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Playing in the NFL is Now Like Smoking Cigarettes; League Should Require Waivers

NFL Concussions

Brian Spurlock-USA TODAY Sports

With the huge news that the NFL will be settling concussion lawsuits (in the form of $765 million), it’s now become a matter of what’s next? Where does the league go from here and where do the players go from here? The large settlement is certainly a huge step towards resolving the issue, but it’s definitely far from over.

I firmly believe that former players deserve some compensation for their head injuries. There was simply not enough awareness on the issue until very recently and the league has to be accountable for that. Many former players allege that the NFL knew more that it led on about the long-term effects of concussions, which may or may not be true.

But the fact of the matter going forward, is that WE ALL KNOW that concussions are horrible and that if you play football, there’s a very strong chance you could get one. It’s with that knowledge that I’ve starting to compare playing in the NFL, to smoking cigarettes. They’re two seemingly unrelated activities, however both have severe risks involved. Taking part in either activity is an assumed risk, because the consequences are very well known at this point.

If you play football – you’re going to get hurt and possibly damage your brain forever. If you smoke cigarettes – you’re going to damage your lungs and possibly develop a serious illness.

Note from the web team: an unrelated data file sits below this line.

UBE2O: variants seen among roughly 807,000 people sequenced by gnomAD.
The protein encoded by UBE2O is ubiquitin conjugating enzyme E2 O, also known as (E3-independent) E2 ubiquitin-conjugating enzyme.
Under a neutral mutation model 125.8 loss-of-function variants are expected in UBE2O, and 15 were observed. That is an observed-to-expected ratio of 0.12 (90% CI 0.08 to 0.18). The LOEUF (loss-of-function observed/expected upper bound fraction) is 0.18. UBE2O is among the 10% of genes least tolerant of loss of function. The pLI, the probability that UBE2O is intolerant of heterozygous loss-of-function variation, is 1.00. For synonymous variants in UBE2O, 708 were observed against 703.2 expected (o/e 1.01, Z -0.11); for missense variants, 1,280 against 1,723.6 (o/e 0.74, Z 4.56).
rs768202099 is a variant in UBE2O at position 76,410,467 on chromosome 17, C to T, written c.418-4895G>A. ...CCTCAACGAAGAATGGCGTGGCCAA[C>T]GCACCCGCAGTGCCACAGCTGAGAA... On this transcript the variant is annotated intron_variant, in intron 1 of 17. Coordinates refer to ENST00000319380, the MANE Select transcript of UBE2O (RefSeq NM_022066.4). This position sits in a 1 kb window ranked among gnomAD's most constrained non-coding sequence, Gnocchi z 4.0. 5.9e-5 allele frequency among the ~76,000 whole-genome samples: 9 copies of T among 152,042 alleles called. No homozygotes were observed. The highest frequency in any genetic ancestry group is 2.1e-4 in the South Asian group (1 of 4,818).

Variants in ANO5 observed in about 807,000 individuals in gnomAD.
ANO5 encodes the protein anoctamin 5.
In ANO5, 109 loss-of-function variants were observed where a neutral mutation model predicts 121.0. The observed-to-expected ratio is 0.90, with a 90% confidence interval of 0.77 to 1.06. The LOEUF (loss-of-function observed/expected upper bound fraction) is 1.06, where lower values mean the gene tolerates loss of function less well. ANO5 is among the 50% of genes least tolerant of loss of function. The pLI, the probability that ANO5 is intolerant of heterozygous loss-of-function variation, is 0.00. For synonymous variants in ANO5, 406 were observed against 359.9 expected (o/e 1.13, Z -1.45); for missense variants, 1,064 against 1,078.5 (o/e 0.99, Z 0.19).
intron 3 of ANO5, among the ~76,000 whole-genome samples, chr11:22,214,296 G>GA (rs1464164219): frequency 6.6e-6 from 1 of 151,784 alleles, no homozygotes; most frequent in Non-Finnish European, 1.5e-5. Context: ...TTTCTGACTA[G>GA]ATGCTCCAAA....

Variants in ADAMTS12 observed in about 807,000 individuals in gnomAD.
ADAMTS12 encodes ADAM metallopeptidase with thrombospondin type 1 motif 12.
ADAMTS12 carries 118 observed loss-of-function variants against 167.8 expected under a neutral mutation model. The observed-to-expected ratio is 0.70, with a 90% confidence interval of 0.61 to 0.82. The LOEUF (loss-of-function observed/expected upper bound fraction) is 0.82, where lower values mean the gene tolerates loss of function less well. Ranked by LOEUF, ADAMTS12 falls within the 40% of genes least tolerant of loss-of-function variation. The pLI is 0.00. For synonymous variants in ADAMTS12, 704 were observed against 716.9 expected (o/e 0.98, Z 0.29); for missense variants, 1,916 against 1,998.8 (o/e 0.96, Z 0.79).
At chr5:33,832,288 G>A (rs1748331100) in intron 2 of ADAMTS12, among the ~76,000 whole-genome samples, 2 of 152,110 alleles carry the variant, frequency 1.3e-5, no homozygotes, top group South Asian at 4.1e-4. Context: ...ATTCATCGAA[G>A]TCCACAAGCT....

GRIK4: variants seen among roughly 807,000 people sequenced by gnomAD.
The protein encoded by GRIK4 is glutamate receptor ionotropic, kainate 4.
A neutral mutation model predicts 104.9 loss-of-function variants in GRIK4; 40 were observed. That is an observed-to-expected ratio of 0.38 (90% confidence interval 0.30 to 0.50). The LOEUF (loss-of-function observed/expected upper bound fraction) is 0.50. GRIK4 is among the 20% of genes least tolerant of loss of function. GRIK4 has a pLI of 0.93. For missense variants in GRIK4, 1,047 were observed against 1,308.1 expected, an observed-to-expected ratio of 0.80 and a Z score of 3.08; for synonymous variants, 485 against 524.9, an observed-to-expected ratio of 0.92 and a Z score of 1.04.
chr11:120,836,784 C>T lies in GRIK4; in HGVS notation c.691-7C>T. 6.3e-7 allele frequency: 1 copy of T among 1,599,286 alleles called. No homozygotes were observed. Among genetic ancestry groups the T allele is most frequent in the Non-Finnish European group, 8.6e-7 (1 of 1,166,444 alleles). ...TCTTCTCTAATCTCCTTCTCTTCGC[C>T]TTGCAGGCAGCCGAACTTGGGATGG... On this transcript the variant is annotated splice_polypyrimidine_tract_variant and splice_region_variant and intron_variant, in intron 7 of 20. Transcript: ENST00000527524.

The tobacco companies settled a slew of lawsuits against them years ago, and now what do you see on every single cigarette pack? A huge warning label that says: if you do this you might die. While playing in the NFL doesn’t have quite the same extreme consequences, the risks are still very well known.

It’s time the NFL gets their own warning labels in the form of waivers. Each new player that comes into the league should have to sign a waiver, relinquishing their right to sue the league for concussion or other injury related issues. Football is a violent game and if the players aren’t willing to accept the consequences of that, they shouldn’t be playing.

I applaud the NFL for paying out such a large sum of money. The league’s work is not done, because they still have to strive to improve player safety, but they’ve at least put part of this problem behind them. This isn’t the end of the concussion issue by a long-shot, but we’ve finally reached a point where everyone involved can move forward.

Related:

Concussion Issue Not Over By a Long-Shot

 

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